Many individuals assume that only those with dry skin need moisturizers. However, the reality is that we all require assistance in maintaining our skin’s moisture levels, regardless of skin type. But what does it truly mean to “enrich the skin with moisture”? There are various products available to achieve this objective, including hydrators, moisturizers based on Vaseline, oils, and more. Our goal here is to provide you with clarity on the various types of moisturizers and help you understand what your skin truly requires.
Hydrator vs. Moisturizer: What’s the difference?
Moisturizing ingredients are categorized into several types, including emollients, squalenes, humectants, and moisture sealants, each serving a unique purpose in maintaining skin hydration.
Emollients – oils and fats
Squalene – oils
Humectants – active hydrators
Moisture sealants – isolating materials.
In the world of marketing, however, all this terminology disappears and is replaced by other terms. Brand owners use the terms quite freely, and the words “hydrator” or “active” don’t play a significant role in the effectiveness of the product. Nevertheless, these concepts are accompanied by a certain action, and thus how your skin will absorb moisture will be different depending on the product you choose.
What do moisturizers do?
Your body gets its moisture through the water it absorbs – from drinking or even after showering – but it is not kept in the skin for a long time. It evaporates along with the natural oils of your skin. Therefore, what you are looking for in your moisturizers is usually moisture sealing, when these will usually be preparations that combine moisture sealers, such as petroleum gel (Vaseline) and mineral oils or emollients. All these together form a layer that prevents water from evaporating from the skin, which helps to keep the skin smooth.
Moisturizers are made up of hydrators and stabilizers, which have different functions. While stabilizers prevent moisture loss from the skin, hydrators contain moisturizing ingredients like glycerin and hyaluronic acid that help lock in the water around the skin. It is imperative to understand these differences to find the right moisturizer for your skin type.
Which moisturizer is right for my skin?
Most moisturizers have similar functions and contain emollients, stabilizers, and moisture sealers that keep the skin hydrated. The texture of the moisturizer does not affect its performance as much as its ingredients do.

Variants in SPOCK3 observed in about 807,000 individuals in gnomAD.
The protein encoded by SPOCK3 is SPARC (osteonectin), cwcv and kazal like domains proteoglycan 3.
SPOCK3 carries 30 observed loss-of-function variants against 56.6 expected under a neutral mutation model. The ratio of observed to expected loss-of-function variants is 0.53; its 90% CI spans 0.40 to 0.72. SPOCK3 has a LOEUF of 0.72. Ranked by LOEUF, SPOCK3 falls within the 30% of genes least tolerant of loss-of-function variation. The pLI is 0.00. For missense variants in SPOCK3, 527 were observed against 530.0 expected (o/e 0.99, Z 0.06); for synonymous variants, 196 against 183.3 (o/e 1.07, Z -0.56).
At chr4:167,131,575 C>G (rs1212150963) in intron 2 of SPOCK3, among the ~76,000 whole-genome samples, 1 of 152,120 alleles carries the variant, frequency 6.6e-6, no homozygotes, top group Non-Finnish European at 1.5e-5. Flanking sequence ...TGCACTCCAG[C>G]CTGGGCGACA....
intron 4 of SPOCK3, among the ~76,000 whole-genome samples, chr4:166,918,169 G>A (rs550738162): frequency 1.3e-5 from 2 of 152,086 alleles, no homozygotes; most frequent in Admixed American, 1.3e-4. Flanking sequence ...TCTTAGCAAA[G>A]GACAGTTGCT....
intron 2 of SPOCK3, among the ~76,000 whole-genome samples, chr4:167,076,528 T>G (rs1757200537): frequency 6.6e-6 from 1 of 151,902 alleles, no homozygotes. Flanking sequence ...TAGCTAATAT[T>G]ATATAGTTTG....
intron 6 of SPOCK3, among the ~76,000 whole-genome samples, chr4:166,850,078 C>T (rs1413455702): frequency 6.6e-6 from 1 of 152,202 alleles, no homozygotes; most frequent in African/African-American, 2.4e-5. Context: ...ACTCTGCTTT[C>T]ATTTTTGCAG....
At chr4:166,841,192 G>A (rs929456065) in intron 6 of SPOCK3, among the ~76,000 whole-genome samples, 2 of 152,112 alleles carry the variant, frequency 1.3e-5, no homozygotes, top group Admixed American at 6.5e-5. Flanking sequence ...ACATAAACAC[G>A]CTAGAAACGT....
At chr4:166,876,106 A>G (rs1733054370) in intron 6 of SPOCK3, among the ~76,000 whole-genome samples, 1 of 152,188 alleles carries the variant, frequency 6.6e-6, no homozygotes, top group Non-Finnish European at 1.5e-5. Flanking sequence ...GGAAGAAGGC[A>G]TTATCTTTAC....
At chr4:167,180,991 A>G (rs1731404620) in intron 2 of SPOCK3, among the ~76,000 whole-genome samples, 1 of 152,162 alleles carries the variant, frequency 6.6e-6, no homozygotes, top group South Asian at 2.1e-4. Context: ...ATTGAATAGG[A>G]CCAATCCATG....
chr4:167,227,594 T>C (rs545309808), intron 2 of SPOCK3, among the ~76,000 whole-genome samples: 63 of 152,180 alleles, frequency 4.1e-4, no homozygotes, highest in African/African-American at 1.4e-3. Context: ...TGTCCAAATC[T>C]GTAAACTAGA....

Nevertheless, you will have to experiment and understand why your skin reacts better. Therefore, apart from checking the list of ingredients, it is recommended that you pay attention to the effectiveness of the products on your skin. We already have some tips to give you.
1. For those with dry skin throughout the year – a thicker moisturizer
If your skin is regularly dry and tends to crumble or peel, it’s probably not because of changes in the weather – your skin just has a hard time keeping moist. Therefore, you will need to apply a protective layer to the surface of the skin that will help seal it and prevent liquid evaporation.
A thick lotion that contains emollients will help you achieve this goal, but if your skin is unusually dry, you may find it more helpful to simply apply Vaseline. On the other hand, you can apply shea butter or natural oils that benefit the skin, such as nut oil, jojoba oil, coconut oil, and even soybean oil or canola oil.
2. For daily dry skin – serum
If your skin is suffering through a period of dryness and you want to restore its fresh appearance, try a moisturizing serum with hyaluronic acid. Hyaluronic acid has the capacity to store 1,000 times its weight in water. This will help restore moisture to your skin, and you can continue to care for your skin naturally with the help of aloe vera gel or honey.
Dryness may be caused by a lack of drinking. Therefore, it is recommended that you also drink a lot of water and eat foods that are rich in liquids, such as watermelon, strawberries, and cucumbers. By doing all of these, you will be able to restore the skin’s fluid balance.
3. For oily skin – water-based moisturizers
Just because you have oily skin doesn’t mean it isn’t dehydrated. In fact, for some, dry skin tends to be even more oily. When this happens, it is a sign that there is a problem with the functioning of the barrier layer that aims to keep moisture inside the skin. When moisture evaporates, the skin dries out, which causes it to start producing more oil.
To end the cycle of dehydration, it is essential to use water-based products that do not clog pores and cause additional skin problems.
How do I know if my product will seal in the moisture properly?
To simplify the process, we recommend you look for specific ingredients on the product packaging that is suitable for your skin type. Moisturizers should contain ingredients like hyaluronic acid, glycerin, aloe vera gel, honey, snail mucin, lactic acid, and citric acid. Moisture sealers should contain ingredients like vegetable oils (nuts, coconut, almonds, hemp, tea tree, jojoba, etc.), shea butter, mineral oils, and lanolin.
To ensure optimal skin hydration, it is recommended to use two types of moisturizer – a moisturizer followed by a moisture sealer. However, if you prefer to simplify your routine, you can opt for products that combine both. Face masks often contain both types of moisturizer. Ultimately, there is no superior option as both methods have their benefits. The choice of which method to use depends on individual skin type and needs.